WO1997000335A1 - Solar selective surface coating - Google Patents

Solar selective surface coating Download PDF

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Publication number
WO1997000335A1
WO1997000335A1 PCT/AU1996/000363 AU9600363W WO9700335A1 WO 1997000335 A1 WO1997000335 A1 WO 1997000335A1 AU 9600363 W AU9600363 W AU 9600363W WO 9700335 A1 WO9700335 A1 WO 9700335A1
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WO
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Application
Patent type
Prior art keywords
metal
deposited
coating
method
cermet
Prior art date
Application number
PCT/AU1996/000363
Other languages
French (fr)
Inventor
Qi-Chu Zhang
David Mills
Original Assignee
The University Of Sydney
Priority date (The priority date is an assumption and is not a legal conclusion. Google has not performed a legal analysis and makes no representation as to the accuracy of the date listed.)
Filing date
Publication date

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Classifications

    • CCHEMISTRY; METALLURGY
    • C23COATING METALLIC MATERIAL; COATING MATERIAL WITH METALLIC MATERIAL; CHEMICAL SURFACE TREATMENT; DIFFUSION TREATMENT OF METALLIC MATERIAL; COATING BY VACUUM EVAPORATION, BY SPUTTERING, BY ION IMPLANTATION OR BY CHEMICAL VAPOUR DEPOSITION, IN GENERAL; INHIBITING CORROSION OF METALLIC MATERIAL OR INCRUSTATION IN GENERAL
    • C23CCOATING METALLIC MATERIAL; COATING MATERIAL WITH METALLIC MATERIAL; SURFACE TREATMENT OF METALLIC MATERIAL BY DIFFUSION INTO THE SURFACE, BY CHEMICAL CONVERSION OR SUBSTITUTION; COATING BY VACUUM EVAPORATION, BY SPUTTERING, BY ION IMPLANTATION OR BY CHEMICAL VAPOUR DEPOSITION, IN GENERAL
    • C23C14/00Coating by vacuum evaporation, by sputtering or by ion implantation of the coating forming material
    • C23C14/06Coating by vacuum evaporation, by sputtering or by ion implantation of the coating forming material characterised by the coating material
    • C23C14/14Metallic material, boron or silicon
    • C23C14/18Metallic material, boron or silicon on other inorganic substrates
    • C23C14/185Metallic material, boron or silicon on other inorganic substrates by cathodic sputtering
    • CCHEMISTRY; METALLURGY
    • C23COATING METALLIC MATERIAL; COATING MATERIAL WITH METALLIC MATERIAL; CHEMICAL SURFACE TREATMENT; DIFFUSION TREATMENT OF METALLIC MATERIAL; COATING BY VACUUM EVAPORATION, BY SPUTTERING, BY ION IMPLANTATION OR BY CHEMICAL VAPOUR DEPOSITION, IN GENERAL; INHIBITING CORROSION OF METALLIC MATERIAL OR INCRUSTATION IN GENERAL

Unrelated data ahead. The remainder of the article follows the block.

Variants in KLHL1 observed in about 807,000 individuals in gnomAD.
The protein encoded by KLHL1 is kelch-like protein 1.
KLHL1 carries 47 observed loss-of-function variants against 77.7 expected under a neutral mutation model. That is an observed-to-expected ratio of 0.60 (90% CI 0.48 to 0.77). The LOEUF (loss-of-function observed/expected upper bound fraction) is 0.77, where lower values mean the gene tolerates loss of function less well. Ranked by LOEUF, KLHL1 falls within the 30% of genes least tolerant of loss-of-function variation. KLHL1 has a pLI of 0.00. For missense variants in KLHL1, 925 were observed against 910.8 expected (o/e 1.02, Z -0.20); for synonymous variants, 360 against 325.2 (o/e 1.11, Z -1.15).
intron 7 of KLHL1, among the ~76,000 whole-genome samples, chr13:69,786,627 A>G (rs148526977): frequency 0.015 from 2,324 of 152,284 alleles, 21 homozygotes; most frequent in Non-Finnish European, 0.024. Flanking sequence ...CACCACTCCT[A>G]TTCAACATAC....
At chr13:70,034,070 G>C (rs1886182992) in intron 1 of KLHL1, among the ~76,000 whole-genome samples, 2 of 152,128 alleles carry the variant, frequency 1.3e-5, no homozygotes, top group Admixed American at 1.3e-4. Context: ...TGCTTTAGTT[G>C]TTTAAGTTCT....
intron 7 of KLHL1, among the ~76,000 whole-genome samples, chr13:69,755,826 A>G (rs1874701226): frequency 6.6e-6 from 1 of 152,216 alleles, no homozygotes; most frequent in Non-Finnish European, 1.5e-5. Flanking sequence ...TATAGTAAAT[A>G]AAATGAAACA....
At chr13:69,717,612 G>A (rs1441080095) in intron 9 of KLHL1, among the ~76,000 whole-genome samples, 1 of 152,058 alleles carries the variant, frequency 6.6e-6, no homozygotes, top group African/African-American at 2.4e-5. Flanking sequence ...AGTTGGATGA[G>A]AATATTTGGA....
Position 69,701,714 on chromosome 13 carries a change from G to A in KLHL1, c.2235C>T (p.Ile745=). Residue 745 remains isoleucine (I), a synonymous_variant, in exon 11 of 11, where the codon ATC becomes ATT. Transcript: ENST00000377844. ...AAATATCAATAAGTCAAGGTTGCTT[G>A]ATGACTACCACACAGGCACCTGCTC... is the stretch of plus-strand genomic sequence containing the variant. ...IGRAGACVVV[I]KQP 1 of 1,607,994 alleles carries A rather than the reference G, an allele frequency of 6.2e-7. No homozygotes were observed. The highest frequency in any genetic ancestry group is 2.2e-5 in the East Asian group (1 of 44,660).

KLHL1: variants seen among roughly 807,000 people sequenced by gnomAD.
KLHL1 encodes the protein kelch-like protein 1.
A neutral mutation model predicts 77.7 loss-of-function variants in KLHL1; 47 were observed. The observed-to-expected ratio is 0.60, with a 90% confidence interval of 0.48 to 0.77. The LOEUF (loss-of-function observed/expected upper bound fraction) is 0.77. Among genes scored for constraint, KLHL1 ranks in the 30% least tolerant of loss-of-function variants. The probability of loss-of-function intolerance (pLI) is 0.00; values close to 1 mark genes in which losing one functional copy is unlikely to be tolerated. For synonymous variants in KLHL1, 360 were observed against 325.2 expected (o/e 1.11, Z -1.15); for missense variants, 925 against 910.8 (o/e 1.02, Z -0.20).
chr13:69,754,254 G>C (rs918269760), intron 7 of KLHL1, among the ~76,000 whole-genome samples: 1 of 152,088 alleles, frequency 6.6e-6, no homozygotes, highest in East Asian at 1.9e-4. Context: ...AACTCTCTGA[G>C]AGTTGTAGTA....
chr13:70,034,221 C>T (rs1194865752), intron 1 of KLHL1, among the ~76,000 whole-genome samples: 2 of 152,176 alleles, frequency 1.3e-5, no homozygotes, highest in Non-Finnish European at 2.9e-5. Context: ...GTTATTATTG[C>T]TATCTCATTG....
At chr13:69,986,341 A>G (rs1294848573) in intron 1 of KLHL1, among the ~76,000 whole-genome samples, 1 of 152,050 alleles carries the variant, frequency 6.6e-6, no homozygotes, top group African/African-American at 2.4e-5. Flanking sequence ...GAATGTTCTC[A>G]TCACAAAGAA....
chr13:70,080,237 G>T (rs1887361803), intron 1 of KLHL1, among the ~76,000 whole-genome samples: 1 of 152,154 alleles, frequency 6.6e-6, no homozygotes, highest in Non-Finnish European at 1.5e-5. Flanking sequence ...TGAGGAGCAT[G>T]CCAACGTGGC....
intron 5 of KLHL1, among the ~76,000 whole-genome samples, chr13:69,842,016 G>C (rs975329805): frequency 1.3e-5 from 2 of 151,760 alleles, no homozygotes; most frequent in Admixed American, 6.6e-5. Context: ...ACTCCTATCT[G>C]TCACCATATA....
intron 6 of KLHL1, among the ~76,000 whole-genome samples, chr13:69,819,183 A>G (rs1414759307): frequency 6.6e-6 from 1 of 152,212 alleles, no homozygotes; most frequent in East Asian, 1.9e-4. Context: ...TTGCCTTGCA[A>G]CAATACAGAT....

• C23CCOATING METALLIC MATERIAL; COATING MATERIAL WITH METALLIC MATERIAL; SURFACE TREATMENT OF METALLIC MATERIAL BY DIFFUSION INTO THE SURFACE, BY CHEMICAL CONVERSION OR SUBSTITUTION; COATING BY VACUUM EVAPORATION, BY SPUTTERING, BY ION IMPLANTATION OR BY CHEMICAL VAPOUR DEPOSITION, IN GENERAL
    • C23C14/00Coating by vacuum evaporation, by sputtering or by ion implantation of the coating forming material
    • C23C14/06Coating by vacuum evaporation, by sputtering or by ion implantation of the coating forming material characterised by the coating material
    • C23C14/0688Cermets, e.g. mixtures of metal and one or more of carbides, nitrides, oxides or borides
    • FMECHANICAL ENGINEERING; LIGHTING; HEATING; WEAPONS; BLASTING
    • F24HEATING; RANGES; VENTILATING
    • F24SSOLAR HEAT COLLECTORS; SOLAR HEAT SYSTEMS
    • F24S70/00Details of absorbing elements
    • F24S70/20Details of absorbing elements characterised by absorbing coatings; characterised by surface treatment for increasing absorption
    • FMECHANICAL ENGINEERING; LIGHTING; HEATING; WEAPONS; BLASTING
    • F24HEATING; RANGES; VENTILATING
    • F24SSOLAR HEAT COLLECTORS; SOLAR HEAT SYSTEMS
    • F24S70/00Details of absorbing elements
    • F24S70/30Auxiliary coatings, e.g. anti-reflective coatings
    • YGENERAL TAGGING OF NEW TECHNOLOGICAL DEVELOPMENTS; GENERAL TAGGING OF CROSS-SECTIONAL TECHNOLOGIES SPANNING OVER SEVERAL SECTIONS OF THE IPC; TECHNICAL SUBJECTS COVERED BY FORMER USPC CROSS-REFERENCE ART COLLECTIONS [XRACs] AND DIGESTS
    • Y02TECHNOLOGIES OR APPLICATIONS FOR MITIGATION OR ADAPTATION AGAINST CLIMATE CHANGE